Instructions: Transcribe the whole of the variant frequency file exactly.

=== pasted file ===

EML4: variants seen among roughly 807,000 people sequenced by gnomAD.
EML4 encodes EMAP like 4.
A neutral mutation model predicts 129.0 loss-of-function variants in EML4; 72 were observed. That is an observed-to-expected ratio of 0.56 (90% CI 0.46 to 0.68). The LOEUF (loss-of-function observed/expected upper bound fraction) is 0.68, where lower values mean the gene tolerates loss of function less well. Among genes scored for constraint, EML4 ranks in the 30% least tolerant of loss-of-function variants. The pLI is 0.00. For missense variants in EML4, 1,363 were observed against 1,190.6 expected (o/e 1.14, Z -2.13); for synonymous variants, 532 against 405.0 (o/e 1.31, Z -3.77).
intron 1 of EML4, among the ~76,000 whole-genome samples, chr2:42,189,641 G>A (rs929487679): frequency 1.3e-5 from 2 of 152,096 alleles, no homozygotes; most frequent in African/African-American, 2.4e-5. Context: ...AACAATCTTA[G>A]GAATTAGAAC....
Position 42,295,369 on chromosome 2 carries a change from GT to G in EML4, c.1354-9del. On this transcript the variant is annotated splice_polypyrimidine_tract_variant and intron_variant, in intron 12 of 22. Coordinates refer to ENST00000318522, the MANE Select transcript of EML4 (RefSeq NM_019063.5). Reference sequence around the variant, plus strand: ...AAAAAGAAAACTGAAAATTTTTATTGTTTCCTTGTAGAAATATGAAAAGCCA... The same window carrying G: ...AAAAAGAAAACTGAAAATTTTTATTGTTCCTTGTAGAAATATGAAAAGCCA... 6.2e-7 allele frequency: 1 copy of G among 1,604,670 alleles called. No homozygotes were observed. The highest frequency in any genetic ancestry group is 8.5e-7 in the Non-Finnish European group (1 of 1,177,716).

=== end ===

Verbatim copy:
EML4: variants seen among roughly 807,000 people sequenced by gnomAD.
EML4 encodes EMAP like 4.
A neutral mutation model predicts 129.0 loss-of-function variants in EML4; 72 were observed. That is an observed-to-expected ratio of 0.56 (90% CI 0.46 to 0.68). The LOEUF (loss-of-function observed/expected upper bound fraction) is 0.68, where lower values mean the gene tolerates loss of function less well. Among genes scored for constraint, EML4 ranks in the 30% least tolerant of loss-of-function variants. The pLI is 0.00. For missense variants in EML4, 1,363 were observed against 1,190.6 expected (o/e 1.14, Z -2.13); for synonymous variants, 532 against 405.0 (o/e 1.31, Z -3.77).
intron 1 of EML4, among the ~76,000 whole-genome samples, chr2:42,189,641 G>A (rs929487679): frequency 1.3e-5 from 2 of 152,096 alleles, no homozygotes; most frequent in African/African-American, 2.4e-5. Context: ...AACAATCTTA[G>A]GAATTAGAAC....
Position 42,295,369 on chromosome 2 carries a change from GT to G in EML4, c.1354-9del. On this transcript the variant is annotated splice_polypyrimidine_tract_variant and intron_variant, in intron 12 of 22. Coordinates refer to ENST00000318522, the MANE Select transcript of EML4 (RefSeq NM_019063.5). Reference sequence around the variant, plus strand: ...AAAAAGAAAACTGAAAATTTTTATTGTTTCCTTGTAGAAATATGAAAAGCCA... The same window carrying G: ...AAAAAGAAAACTGAAAATTTTTATTGTTCCTTGTAGAAATATGAAAAGCCA... 6.2e-7 allele frequency: 1 copy of G among 1,604,670 alleles called. No homozygotes were observed. The highest frequency in any genetic ancestry group is 8.5e-7 in the Non-Finnish European group (1 of 1,177,716).